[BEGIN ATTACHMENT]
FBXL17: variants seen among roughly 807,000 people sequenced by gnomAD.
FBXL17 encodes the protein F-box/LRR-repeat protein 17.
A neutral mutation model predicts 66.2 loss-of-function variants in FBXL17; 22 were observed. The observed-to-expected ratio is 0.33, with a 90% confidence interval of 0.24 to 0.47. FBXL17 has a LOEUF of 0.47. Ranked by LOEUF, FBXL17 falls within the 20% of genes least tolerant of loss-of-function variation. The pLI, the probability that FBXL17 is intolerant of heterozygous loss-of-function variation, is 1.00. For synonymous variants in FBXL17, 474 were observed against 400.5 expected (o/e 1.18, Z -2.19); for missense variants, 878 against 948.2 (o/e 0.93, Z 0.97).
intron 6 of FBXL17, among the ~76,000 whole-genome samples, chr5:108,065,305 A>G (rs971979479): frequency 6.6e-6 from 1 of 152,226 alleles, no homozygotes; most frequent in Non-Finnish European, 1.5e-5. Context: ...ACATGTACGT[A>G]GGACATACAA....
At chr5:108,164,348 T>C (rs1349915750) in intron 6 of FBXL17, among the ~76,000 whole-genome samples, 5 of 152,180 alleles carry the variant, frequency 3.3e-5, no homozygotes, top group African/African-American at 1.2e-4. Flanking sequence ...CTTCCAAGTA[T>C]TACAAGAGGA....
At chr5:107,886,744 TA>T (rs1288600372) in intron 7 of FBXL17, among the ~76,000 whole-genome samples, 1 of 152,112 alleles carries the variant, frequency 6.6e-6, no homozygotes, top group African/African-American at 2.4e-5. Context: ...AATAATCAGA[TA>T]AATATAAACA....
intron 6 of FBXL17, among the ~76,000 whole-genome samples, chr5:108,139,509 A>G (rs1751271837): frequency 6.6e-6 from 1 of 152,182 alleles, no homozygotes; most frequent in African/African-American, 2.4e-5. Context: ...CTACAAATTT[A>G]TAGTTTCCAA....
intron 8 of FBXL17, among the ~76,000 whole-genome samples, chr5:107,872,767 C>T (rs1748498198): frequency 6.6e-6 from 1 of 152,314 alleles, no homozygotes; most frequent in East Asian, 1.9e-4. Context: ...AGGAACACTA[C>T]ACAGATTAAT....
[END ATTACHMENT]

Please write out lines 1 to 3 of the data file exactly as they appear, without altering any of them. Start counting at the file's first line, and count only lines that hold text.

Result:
FBXL17: variants seen among roughly 807,000 people sequenced by gnomAD.
FBXL17 encodes the protein F-box/LRR-repeat protein 17.
A neutral mutation model predicts 66.2 loss-of-function variants in FBXL17; 22 were observed. The observed-to-expected ratio is 0.33, with a 90% confidence interval of 0.24 to 0.47. FBXL17 has a LOEUF of 0.47. Ranked by LOEUF, FBXL17 falls within the 20% of genes least tolerant of loss-of-function variation. The pLI, the probability that FBXL17 is intolerant of heterozygous loss-of-function variation, is 1.00. For synonymous variants in FBXL17, 474 were observed against 400.5 expected (o/e 1.18, Z -2.19); for missense variants, 878 against 948.2 (o/e 0.93, Z 0.97).